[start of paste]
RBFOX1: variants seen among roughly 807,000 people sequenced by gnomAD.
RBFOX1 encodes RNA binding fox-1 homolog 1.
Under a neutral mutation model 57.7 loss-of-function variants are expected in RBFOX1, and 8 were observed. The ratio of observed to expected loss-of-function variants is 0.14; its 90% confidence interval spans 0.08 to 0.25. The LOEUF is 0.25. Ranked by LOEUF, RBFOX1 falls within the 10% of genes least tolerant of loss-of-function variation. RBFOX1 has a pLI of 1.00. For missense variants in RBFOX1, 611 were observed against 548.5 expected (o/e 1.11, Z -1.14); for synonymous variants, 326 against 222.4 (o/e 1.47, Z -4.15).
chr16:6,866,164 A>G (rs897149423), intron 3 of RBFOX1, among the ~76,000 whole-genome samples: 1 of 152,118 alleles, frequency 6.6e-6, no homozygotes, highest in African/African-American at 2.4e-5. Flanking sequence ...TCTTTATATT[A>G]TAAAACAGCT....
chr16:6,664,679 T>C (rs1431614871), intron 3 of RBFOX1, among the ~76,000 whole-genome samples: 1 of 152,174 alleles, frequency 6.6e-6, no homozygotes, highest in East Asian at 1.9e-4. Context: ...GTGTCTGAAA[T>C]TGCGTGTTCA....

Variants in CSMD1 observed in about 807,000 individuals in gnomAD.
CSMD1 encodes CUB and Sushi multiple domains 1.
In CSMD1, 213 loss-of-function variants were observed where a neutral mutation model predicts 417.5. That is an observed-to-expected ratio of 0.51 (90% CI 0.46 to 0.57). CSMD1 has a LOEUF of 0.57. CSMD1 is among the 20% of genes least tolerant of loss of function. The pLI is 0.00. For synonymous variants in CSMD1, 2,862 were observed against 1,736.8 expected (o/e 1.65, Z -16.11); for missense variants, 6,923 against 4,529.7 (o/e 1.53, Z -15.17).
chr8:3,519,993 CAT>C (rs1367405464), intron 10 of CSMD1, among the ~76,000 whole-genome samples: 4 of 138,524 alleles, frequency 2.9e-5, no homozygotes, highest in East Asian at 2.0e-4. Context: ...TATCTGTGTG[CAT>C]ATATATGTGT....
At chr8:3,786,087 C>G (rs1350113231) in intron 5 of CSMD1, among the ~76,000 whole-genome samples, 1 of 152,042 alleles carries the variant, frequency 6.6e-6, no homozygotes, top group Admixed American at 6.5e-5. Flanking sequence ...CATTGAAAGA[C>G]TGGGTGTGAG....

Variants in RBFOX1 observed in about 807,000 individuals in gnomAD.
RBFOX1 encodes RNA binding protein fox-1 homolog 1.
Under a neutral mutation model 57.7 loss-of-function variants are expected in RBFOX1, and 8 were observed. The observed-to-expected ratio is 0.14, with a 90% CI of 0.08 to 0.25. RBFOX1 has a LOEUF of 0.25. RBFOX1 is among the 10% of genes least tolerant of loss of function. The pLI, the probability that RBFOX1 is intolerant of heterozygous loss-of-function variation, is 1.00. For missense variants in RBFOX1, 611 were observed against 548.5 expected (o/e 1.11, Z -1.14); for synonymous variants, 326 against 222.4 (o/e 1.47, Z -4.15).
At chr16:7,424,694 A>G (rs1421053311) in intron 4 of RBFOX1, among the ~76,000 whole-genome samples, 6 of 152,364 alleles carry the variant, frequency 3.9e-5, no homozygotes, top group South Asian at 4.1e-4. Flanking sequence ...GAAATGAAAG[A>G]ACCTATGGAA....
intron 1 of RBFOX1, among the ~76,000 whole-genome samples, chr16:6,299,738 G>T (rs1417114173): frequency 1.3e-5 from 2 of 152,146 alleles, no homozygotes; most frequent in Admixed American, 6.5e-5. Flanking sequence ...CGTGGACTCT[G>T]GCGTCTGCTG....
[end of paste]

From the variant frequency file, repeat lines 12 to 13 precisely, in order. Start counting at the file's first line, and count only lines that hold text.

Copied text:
RBFOX1 encodes RNA binding protein fox-1 homolog 1.
Under a neutral mutation model 57.7 loss-of-function variants are expected in RBFOX1, and 8 were observed. The observed-to-expected ratio is 0.14, with a 90% CI of 0.08 to 0.25. RBFOX1 has a LOEUF of 0.25. RBFOX1 is among the 10% of genes least tolerant of loss of function. The pLI, the probability that RBFOX1 is intolerant of heterozygous loss-of-function variation, is 1.00. For missense variants in RBFOX1, 611 were observed against 548.5 expected (o/e 1.11, Z -1.14); for synonymous variants, 326 against 222.4 (o/e 1.47, Z -4.15).